This is why I was OK with the early regulatory step to establish rules about where one could and could not smoke so that those who preferred not to smoke would be protected from the adverse health effects of inhaling the second-hand smoke created by those who did. Also, because of the interdependence we have designed and built into our medical insurance market, your health affects my medical insurance premiums—people who make unhealthy lifestyle choices drive up the premiums of everyone, including those of people who make healthy lifestyle choices. (This is not an ACA/Obamacare phenomena; this is how our free market system has designed the insurance market to work.) Now, I not only care about where you smoke, I care about the fact that you use tobacco at all, because your tobacco use is costing me money. This is why I am OK with special taxes on tobacco products, as long as those tax proceeds go to offset the adverse effect your use of tobacco is having on our healthcare costs.
Information and Responsibility
The second principle is one I first heard espoused in the 1980’s by Jan Carlzon, the CEO of SAS Airlines at that time. I forget the situation that prompted him saying it, but the principle is this:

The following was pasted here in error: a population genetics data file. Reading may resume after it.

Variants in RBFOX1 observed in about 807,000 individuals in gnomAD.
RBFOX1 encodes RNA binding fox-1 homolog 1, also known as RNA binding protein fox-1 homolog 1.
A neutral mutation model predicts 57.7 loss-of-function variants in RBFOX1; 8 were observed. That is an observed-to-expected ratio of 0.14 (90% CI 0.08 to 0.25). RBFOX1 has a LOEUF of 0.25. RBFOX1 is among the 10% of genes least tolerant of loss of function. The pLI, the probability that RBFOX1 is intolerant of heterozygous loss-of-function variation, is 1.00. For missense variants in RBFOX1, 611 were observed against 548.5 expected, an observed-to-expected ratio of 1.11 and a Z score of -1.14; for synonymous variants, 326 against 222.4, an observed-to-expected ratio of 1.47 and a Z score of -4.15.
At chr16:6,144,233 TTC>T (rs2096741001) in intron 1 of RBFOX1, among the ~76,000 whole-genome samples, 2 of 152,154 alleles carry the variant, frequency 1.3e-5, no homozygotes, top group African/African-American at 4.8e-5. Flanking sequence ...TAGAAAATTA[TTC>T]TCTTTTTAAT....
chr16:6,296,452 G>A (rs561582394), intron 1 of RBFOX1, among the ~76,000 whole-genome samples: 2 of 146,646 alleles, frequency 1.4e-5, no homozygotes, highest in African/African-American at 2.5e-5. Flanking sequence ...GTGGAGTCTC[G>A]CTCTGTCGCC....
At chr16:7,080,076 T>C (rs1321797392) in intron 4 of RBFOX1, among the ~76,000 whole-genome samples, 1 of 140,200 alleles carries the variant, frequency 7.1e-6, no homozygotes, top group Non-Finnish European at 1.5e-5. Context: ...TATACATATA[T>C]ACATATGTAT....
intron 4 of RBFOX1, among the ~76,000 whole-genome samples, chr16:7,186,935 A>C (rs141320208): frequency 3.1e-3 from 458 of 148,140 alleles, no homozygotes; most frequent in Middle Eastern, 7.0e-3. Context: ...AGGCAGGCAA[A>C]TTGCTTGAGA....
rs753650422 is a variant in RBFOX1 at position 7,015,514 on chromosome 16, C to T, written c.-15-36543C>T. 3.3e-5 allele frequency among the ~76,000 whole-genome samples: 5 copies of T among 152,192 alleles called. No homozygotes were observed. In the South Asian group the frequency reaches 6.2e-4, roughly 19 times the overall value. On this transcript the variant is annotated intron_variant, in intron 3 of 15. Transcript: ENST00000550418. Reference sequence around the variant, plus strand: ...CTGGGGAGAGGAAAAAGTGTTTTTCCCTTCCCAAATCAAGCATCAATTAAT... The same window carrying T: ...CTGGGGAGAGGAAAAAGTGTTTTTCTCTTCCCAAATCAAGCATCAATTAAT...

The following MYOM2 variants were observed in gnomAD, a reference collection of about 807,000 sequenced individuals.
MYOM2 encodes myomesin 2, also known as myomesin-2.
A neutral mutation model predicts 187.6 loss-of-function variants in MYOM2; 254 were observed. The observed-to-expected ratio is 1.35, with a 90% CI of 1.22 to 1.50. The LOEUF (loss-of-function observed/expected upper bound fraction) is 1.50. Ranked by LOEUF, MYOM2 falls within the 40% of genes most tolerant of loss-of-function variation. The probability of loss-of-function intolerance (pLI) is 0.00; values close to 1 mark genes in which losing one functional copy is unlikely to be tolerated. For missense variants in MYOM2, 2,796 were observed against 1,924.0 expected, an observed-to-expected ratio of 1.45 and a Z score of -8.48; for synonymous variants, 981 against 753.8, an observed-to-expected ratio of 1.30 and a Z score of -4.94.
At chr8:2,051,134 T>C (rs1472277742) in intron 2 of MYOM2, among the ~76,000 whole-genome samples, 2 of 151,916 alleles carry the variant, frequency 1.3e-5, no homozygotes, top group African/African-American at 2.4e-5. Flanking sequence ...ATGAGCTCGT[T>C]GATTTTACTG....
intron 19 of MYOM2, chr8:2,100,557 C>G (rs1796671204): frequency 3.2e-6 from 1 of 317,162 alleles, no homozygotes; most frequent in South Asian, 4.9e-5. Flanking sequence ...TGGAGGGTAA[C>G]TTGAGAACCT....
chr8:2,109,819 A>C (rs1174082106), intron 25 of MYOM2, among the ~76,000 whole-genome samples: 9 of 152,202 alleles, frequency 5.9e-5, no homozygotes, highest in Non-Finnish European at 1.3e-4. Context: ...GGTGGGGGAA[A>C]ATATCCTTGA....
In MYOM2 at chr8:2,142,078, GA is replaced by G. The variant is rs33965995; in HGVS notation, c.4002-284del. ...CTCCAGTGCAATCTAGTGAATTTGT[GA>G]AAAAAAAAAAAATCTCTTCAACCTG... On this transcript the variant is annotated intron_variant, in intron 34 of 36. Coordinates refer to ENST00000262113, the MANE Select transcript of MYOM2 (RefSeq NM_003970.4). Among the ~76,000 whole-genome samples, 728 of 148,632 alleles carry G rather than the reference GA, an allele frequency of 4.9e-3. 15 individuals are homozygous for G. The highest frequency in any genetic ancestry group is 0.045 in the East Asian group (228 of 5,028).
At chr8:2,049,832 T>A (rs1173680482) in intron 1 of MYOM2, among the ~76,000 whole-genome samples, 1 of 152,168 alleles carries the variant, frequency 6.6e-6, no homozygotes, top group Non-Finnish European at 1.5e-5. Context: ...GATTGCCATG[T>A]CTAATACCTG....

Without information, a person cannot take responsibility. With information, a person cannot avoid taking responsibility.
For example, staying with the tobacco analogy, once tobacco companies labeled their products as being hazardous to the user’s health, I thought that should alleviate the tobacco company of responsibility for any adverse health effects a user might suffer. At that point, I thought it should be a matter of the user taking personal responsibility for the consequences of their own decisions. However, the personal responsibility argument became moot when legal proceedings revealed that the tobacco companies deliberately misinformed the public about the health hazards of tobacco use, and marketed their poisonous products to people too young to be expected to reason through the complexity of that information. (We have since learned that the sugar industry is guilty of essentially the same thing—issuing deliberately erroneous information in order to manipulate public opinion and regulatory rules in their favor.)